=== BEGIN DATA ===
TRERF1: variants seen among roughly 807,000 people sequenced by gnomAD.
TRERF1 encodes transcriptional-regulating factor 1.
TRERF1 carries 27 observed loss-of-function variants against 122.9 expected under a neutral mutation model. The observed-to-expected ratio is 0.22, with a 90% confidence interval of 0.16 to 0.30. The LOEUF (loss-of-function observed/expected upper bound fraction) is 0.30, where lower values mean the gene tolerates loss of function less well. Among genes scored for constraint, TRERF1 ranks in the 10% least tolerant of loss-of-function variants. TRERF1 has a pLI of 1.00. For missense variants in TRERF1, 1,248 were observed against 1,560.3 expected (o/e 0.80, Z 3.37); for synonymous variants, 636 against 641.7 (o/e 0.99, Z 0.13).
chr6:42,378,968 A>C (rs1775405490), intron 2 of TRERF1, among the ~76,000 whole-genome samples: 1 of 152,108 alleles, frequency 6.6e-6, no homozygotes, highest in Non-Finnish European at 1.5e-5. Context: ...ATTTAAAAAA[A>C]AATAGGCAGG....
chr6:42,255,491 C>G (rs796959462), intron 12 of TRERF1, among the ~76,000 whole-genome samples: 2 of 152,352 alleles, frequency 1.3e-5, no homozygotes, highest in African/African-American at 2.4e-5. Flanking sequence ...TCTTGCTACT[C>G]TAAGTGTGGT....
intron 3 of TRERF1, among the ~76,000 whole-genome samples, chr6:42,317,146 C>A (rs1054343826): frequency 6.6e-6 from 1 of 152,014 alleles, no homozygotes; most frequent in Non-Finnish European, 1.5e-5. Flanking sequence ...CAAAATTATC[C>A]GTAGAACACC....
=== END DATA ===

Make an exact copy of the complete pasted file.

TRERF1: variants seen among roughly 807,000 people sequenced by gnomAD.
TRERF1 encodes transcriptional-regulating factor 1.
TRERF1 carries 27 observed loss-of-function variants against 122.9 expected under a neutral mutation model. The observed-to-expected ratio is 0.22, with a 90% confidence interval of 0.16 to 0.30. The LOEUF (loss-of-function observed/expected upper bound fraction) is 0.30, where lower values mean the gene tolerates loss of function less well. Among genes scored for constraint, TRERF1 ranks in the 10% least tolerant of loss-of-function variants. TRERF1 has a pLI of 1.00. For missense variants in TRERF1, 1,248 were observed against 1,560.3 expected (o/e 0.80, Z 3.37); for synonymous variants, 636 against 641.7 (o/e 0.99, Z 0.13).
chr6:42,378,968 A>C (rs1775405490), intron 2 of TRERF1, among the ~76,000 whole-genome samples: 1 of 152,108 alleles, frequency 6.6e-6, no homozygotes, highest in Non-Finnish European at 1.5e-5. Context: ...ATTTAAAAAA[A>C]AATAGGCAGG....
chr6:42,255,491 C>G (rs796959462), intron 12 of TRERF1, among the ~76,000 whole-genome samples: 2 of 152,352 alleles, frequency 1.3e-5, no homozygotes, highest in African/African-American at 2.4e-5. Flanking sequence ...TCTTGCTACT[C>G]TAAGTGTGGT....
intron 3 of TRERF1, among the ~76,000 whole-genome samples, chr6:42,317,146 C>A (rs1054343826): frequency 6.6e-6 from 1 of 152,014 alleles, no homozygotes; most frequent in Non-Finnish European, 1.5e-5. Flanking sequence ...CAAAATTATC[C>A]GTAGAACACC....